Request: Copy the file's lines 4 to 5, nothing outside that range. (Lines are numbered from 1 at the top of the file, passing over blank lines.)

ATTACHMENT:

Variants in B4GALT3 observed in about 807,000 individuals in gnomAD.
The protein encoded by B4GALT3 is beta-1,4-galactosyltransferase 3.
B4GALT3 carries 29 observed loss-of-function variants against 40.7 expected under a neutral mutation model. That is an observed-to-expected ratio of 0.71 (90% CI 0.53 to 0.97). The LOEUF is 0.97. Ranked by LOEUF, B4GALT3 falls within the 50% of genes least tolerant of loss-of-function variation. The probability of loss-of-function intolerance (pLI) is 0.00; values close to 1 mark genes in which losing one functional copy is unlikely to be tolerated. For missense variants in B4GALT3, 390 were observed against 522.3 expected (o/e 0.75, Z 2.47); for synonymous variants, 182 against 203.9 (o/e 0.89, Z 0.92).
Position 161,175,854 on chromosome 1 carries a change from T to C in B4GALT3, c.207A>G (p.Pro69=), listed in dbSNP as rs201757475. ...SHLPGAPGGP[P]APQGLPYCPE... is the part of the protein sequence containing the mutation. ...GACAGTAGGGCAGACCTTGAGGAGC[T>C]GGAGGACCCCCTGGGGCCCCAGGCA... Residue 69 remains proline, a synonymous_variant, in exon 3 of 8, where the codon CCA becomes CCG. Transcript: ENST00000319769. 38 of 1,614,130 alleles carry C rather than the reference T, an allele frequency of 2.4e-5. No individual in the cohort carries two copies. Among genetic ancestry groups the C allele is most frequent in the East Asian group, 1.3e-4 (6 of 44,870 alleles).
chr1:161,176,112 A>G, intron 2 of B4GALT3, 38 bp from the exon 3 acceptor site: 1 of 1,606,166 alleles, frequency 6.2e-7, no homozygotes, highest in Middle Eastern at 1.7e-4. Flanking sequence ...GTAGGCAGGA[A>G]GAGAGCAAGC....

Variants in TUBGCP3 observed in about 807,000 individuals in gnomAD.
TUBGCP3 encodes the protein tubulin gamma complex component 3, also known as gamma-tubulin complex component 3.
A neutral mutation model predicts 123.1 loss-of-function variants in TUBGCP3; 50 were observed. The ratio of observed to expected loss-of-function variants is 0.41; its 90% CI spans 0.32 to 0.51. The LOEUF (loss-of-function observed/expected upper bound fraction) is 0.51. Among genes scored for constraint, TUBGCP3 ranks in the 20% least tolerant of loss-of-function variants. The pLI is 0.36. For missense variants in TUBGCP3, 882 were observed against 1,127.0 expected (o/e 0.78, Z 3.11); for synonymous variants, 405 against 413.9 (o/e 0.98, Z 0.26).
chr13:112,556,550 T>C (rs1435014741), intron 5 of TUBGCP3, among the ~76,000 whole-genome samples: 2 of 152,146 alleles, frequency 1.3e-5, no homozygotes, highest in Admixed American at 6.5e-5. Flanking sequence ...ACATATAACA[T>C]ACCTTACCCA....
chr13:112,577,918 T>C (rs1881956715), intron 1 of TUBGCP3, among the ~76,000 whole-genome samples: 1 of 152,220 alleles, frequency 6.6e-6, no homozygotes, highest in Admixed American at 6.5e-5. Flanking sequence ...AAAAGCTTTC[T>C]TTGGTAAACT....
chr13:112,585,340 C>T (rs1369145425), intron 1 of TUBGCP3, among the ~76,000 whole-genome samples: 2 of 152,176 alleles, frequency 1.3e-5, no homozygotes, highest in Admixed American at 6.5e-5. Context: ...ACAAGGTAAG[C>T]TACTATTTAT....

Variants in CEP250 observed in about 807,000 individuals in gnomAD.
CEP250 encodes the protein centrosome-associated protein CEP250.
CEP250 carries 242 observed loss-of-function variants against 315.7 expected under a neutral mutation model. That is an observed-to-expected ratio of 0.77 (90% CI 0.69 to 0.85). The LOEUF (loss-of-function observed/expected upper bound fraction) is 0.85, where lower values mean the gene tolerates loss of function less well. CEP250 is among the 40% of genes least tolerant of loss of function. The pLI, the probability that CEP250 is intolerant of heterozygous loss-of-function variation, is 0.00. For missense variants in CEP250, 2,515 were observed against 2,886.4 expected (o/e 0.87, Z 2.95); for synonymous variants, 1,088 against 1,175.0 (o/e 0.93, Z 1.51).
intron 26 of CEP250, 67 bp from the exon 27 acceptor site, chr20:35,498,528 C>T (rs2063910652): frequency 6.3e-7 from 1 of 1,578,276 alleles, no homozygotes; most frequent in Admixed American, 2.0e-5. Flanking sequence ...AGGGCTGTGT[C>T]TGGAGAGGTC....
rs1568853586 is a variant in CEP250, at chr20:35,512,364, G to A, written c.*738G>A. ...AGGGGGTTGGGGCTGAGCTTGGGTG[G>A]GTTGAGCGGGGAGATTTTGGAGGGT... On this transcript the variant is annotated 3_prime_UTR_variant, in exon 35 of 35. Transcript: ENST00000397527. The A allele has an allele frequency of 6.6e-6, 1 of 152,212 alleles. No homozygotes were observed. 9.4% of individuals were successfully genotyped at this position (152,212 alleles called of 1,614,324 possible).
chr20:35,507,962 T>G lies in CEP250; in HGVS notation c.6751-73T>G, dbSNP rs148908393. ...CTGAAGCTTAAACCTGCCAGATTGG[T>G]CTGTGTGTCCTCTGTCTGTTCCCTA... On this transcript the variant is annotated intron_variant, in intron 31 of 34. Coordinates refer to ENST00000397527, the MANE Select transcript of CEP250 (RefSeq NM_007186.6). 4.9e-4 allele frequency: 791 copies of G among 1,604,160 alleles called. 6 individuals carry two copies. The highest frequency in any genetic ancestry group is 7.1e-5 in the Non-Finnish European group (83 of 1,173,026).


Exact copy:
Position 161,175,854 on chromosome 1 carries a change from T to C in B4GALT3, c.207A>G (p.Pro69=), listed in dbSNP as rs201757475. ...SHLPGAPGGP[P]APQGLPYCPE... is the part of the protein sequence containing the mutation. ...GACAGTAGGGCAGACCTTGAGGAGC[T>C]GGAGGACCCCCTGGGGCCCCAGGCA... Residue 69 remains proline, a synonymous_variant, in exon 3 of 8, where the codon CCA becomes CCG. Transcript: ENST00000319769. 38 of 1,614,130 alleles carry C rather than the reference T, an allele frequency of 2.4e-5. No individual in the cohort carries two copies. Among genetic ancestry groups the C allele is most frequent in the East Asian group, 1.3e-4 (6 of 44,870 alleles).
chr1:161,176,112 A>G, intron 2 of B4GALT3, 38 bp from the exon 3 acceptor site: 1 of 1,606,166 alleles, frequency 6.2e-7, no homozygotes, highest in Middle Eastern at 1.7e-4. Flanking sequence ...GTAGGCAGGA[A>G]GAGAGCAAGC....